Line 17 puts up an alert box to let the user interact with the program. In reality, this is mainly there to slow down execution of the program. If it weren’t there and the loop just ran without any kind of interaction it would run so fast that the user couldn’t see it change, it would appear to be done immediately.

After the scoops variable has been decremented to zero on line 19, the while loop ends and the final state is shown by lines 21 and 22.

Here’s what this looks like the first time through the while loop:

Each time through the loop, this alert box will pop up and after the user clicks on OK one scoop will be removed and it will show the dialog again.

This works, but is really obnoxious! To make it a bit less so, we can use a callback.


This is discussed on page 249 in the book where they talk about the onload event. Here I’m talking about a different event, but all events between the browser and JavaScript are handled the same way, with a callback. As the book explains, callbacks are functions (blocks of code) that are run when an event occurs. In this case the idea is that we’re going to set up a piece of JavaScript code which will be run when the user clicks on the Msg paragraph. To do that, we just set the onclick event value in the Msg paragraph to the function you want to have run when the element is clicked.

Functions are discussed in the book on page 83, but for what we’re doing, the callback we need is pretty simple.

I put this into a separate JavaScript file so I had to change the HTML file to reference it.

The only change is the src attribute on line 11, but if you don’t reference the JavaScript file you want, you won’t get it!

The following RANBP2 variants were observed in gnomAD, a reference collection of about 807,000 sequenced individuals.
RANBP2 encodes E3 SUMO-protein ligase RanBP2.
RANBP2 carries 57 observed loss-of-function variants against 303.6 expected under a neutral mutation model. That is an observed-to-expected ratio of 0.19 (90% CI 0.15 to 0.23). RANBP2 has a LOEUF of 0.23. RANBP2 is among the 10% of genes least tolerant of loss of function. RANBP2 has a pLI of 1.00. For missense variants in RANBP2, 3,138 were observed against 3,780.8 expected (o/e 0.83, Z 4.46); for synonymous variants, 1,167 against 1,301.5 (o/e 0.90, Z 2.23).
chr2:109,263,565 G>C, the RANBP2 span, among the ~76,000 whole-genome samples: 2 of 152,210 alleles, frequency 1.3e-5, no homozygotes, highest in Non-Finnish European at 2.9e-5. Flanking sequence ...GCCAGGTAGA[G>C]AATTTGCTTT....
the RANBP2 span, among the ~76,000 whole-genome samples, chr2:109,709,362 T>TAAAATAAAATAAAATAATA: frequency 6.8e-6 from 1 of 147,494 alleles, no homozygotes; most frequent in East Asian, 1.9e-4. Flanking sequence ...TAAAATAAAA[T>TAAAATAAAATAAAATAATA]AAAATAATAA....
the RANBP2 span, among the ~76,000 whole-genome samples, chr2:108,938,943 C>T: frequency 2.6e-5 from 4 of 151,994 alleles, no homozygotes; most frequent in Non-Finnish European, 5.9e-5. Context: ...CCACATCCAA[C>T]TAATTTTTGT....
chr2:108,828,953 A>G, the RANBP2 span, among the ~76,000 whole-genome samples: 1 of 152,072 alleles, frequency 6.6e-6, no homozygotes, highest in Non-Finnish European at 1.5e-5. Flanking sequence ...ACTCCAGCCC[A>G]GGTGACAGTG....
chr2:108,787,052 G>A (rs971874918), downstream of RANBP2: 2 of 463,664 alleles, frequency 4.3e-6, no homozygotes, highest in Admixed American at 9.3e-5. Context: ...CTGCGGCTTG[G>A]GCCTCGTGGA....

This is the Ice Cream JavaScript code rearranged to use a callback that is run whenever the user clicks on the Msg paragraph.

There are two functions here, repaint on lines 11 to 29 and catchClick on lines 31 to 34. The catchClick function is the callback and is put into the onclick property of the Msg paragraph on line 8. The repaint function actually does the changes to the innerHTML of the Msg and List paragraphs so the user can see what’s going on. Having all the repainting code in a function rather than repeated multiple times in the code is good coding practice because it keeps it all in one place. Not only is it easier to write once, but if you decide to change how the display is done, you just have to get it right once!

On line 8 a reference to the repaint function is put into the onclick property so onClick is called whenever the Msg paragraph is clicked on.

Line 9 does the first paint of the screen to show the initial state of everything.

When the Msg paragraph is clicked, catchClick is called, on Line 32 it first decrements the scoops variable, then calls the repaint function to show the user the new state.

Notice the if else in repaint. Line 12 is for normal cases where there are scoops left, line 21 is for the case where there are no more, and line 25 is for everything else, i.e. where the scoops variable has gone negative.

Seeing it in action

Putting a debugger statement at line 32 allows single stepping through all this. Here’s what it looks like on the first click.

You can now step through the code to watch how it executes, however, to follow the execution into the repaint function, when you get to that line, use the Step Into icon rather than the usual Step Over.

If you do that on line 34, you’ll wind up inside the repaint function and you can step through that to see how it works. If you’re in a function and have seen enough but want to get back to the place where the function was called, you can use the Step Out debugger icon. It lets the function complete normally and stops execution at the next statement after the function call.